Judge OKs testimony from Sands' ex-girlfriend

Prosecutors seek use in Askins' murder trial Columbia

April 22, 2003|By Lisa Goldberg | Lisa Goldberg,SUN STAFF

In the hours and days after a 23-year-old computer student was killed during a botched robbery in Columbia, Tavon Donya Sands told his then-girlfriend that he "had to" fire the fatal shot because the young victim refused to obey his orders and reached into his pocket for something, the woman testified yesterday.

Sands said he knew that the computer student, DeShawn Anthony Wallace, was dead "by the way he fell," Joy Martinez testified during a hearing in the murder case against Sands' cousin and co-defendant, Jonas L. Askins.

At first, she said, she didn't believe what Sands was telling her because "he didn't seem serious about it." But when he recounted the event later, he sounded "afraid," and she believed him "to a certain degree."

Prosecutors offered Martinez's testimony yesterday as part of a bid to persuade Howard Circuit Judge James B. Dudley to allow them to introduce statements Sands is said to have made to Martinez - statements that are considered hearsay - at Askins' trial.

During his conversations with Martinez about the killing Jan. 25 last year, Sands, 21, also is said to have detailed his cousin's role, according to testimony. Sands said that Askins, 19, was "running pockets" of other victims on the parking lot of the Stevens Forest Apartments - a reference to the robbery itself - while Sands dealt with Wallace and shot him when he did not do as he was told, Martinez said yesterday.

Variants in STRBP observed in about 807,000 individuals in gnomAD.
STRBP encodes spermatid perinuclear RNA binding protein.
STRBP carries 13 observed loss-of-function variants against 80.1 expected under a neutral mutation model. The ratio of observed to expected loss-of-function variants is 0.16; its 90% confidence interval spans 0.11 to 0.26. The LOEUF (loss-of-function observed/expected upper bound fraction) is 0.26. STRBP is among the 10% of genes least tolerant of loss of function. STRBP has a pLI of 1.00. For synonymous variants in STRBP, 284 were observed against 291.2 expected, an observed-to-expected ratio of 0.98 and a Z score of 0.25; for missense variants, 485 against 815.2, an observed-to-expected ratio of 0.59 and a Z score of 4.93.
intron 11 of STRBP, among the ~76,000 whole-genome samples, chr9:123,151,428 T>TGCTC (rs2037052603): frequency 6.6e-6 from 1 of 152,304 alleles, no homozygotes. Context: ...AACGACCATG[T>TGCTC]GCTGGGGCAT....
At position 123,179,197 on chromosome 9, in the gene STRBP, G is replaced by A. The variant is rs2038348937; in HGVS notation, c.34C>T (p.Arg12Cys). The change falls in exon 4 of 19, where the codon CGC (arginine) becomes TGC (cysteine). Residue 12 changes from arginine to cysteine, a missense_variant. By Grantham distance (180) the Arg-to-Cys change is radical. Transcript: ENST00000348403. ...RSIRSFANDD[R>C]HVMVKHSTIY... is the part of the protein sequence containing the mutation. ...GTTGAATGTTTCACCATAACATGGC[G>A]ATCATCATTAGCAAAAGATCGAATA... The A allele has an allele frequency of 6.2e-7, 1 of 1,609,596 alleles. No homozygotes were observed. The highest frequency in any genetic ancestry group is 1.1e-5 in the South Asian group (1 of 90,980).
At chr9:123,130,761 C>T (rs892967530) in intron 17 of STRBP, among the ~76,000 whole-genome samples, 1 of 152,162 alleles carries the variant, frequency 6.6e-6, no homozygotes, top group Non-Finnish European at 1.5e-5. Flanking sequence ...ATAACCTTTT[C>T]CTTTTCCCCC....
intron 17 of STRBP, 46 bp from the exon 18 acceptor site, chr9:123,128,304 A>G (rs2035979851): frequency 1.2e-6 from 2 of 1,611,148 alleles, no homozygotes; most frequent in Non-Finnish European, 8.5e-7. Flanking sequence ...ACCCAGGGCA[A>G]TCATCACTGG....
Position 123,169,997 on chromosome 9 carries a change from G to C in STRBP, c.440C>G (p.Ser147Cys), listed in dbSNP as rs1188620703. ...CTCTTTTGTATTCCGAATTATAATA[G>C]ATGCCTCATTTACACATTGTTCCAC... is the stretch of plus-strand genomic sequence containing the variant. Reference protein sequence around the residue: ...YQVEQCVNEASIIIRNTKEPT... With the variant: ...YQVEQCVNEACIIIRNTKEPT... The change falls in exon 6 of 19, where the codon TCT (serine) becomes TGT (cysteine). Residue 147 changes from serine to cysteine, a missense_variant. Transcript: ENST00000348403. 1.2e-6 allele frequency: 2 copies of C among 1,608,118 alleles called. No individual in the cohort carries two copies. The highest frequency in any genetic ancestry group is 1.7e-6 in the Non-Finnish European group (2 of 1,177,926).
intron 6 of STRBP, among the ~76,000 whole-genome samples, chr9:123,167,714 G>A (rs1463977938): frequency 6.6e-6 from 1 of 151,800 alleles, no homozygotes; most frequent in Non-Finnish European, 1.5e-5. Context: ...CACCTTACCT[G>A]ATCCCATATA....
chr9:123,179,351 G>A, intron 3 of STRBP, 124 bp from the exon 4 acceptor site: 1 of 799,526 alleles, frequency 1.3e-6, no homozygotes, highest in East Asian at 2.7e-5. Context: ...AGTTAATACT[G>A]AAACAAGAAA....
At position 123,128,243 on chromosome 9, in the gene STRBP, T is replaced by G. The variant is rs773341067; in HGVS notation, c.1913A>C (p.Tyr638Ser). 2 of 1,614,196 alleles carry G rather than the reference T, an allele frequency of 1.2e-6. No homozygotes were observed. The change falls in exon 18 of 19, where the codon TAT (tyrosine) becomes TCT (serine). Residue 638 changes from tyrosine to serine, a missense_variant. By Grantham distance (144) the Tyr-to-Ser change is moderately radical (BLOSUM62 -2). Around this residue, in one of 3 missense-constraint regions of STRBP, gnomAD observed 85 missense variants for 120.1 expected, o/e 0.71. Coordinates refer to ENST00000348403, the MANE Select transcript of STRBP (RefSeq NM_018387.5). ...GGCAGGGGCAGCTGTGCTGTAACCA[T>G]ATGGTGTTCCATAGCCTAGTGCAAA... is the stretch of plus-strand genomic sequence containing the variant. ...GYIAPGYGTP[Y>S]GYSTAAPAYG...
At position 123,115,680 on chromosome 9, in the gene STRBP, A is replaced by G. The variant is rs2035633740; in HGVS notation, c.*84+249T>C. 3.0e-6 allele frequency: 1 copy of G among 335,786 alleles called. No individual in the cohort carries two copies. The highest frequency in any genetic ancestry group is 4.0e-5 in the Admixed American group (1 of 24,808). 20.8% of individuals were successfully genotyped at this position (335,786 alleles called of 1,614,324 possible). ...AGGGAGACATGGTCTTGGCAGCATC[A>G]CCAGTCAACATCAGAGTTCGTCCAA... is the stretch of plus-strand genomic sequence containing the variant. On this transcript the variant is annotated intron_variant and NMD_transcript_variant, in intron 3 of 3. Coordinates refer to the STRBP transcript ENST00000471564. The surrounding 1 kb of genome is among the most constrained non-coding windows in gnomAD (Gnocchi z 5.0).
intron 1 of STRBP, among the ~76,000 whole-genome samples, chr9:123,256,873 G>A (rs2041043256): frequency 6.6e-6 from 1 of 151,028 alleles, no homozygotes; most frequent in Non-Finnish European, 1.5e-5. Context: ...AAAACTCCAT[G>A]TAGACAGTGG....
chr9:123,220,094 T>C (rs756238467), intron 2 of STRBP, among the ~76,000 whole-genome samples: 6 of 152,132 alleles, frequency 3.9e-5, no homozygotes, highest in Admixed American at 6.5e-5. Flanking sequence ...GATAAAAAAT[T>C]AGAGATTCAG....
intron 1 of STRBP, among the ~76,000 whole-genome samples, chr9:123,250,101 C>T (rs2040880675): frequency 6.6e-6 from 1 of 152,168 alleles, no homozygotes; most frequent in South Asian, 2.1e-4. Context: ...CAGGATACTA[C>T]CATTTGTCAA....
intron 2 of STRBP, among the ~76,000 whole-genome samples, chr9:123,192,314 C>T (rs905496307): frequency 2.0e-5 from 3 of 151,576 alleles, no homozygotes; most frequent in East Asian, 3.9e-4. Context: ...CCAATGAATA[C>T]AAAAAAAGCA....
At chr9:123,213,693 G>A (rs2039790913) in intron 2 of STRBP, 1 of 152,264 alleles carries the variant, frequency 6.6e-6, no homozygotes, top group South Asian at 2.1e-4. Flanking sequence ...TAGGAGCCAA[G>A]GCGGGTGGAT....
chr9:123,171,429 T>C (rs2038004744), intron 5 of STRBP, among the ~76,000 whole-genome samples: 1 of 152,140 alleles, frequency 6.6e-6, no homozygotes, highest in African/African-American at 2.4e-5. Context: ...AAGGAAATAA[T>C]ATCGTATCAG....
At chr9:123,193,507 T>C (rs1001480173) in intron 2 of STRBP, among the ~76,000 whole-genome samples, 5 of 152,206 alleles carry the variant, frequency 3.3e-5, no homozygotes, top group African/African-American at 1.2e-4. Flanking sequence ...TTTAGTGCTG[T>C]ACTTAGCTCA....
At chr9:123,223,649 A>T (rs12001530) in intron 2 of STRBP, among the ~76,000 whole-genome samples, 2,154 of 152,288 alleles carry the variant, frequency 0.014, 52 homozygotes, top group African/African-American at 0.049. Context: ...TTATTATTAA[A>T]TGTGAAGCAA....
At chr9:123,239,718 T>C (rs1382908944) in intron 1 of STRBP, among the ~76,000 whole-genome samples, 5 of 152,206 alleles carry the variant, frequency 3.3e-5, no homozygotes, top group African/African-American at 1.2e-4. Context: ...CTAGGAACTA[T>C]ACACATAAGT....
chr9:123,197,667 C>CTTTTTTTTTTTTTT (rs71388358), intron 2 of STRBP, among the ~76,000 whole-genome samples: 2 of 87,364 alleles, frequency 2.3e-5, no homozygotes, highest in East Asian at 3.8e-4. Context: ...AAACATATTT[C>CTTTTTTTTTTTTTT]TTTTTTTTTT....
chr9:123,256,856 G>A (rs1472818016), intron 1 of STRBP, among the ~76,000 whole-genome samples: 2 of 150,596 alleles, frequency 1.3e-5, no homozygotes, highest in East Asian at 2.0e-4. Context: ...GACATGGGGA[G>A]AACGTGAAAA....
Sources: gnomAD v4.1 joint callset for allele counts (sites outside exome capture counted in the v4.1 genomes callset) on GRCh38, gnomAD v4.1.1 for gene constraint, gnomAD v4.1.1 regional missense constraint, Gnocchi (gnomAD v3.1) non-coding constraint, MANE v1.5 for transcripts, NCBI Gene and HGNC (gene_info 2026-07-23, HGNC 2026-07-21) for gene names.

Prosecutors Kim Oldham and Jim Dietrich argued yesterday that Martinez should be allowed to testify about Sands' alleged confession - including Askins' part in the incident - at his cousin's trial because it is so damaging to his own case that it falls under an exception to rules governing hearsay.

But Askins' public defender, Patricia L. Chappell, said yesterday that allowing the statements without giving her a chance to cross-examine Sands, who is not expected to testify because his murder case is pending, violates her client's constitutional rights.

She also argued that Martinez's various accounts to authorities and to a Howard County grand jury are "wildly inconsistent." Martinez initially told police that Sands told her nothing about the shooting and later told the grand jury that he told her he was involved in a robbery, according to testimony yesterday. Months later, she agreed to help authorities.

Yesterday, Martinez said she lied in early accounts because she was following "orders" from Sands, who was her boyfriend and had fathered her child.

Dudley ruled yesterday that the state can use most of Sands' alleged statements to Martinez at Askins' trial, barring prosecutors from using a single comment Askins is said to have made. Askins' trial is scheduled for May 19. Sands, whose first trial ended in a mistrial last year after a witness offered surprise testimony, is scheduled for retrial Aug. 11.

Both are charged with first-degree murder and related counts in the death of Wallace, the armed robbery of one other man and the attempted armed robbery of three others who were with him at the time of the incident.

At the time of Wallace's death, Sands was on probation for assault, under investigation in an attempted murder case and out on bond in four drug, armed robbery and gun cases.

He has since been convicted of violating probation and in three of the four cases pending at the time of the killing - convictions that have netted him a cumulative sentence of 39 years. Sands was acquitted in a separate gun case.

Last week, Sands pleaded guilty to felony assault in the attempted murder case and received a 15-year sentence that will run at the same time as his other sentences.

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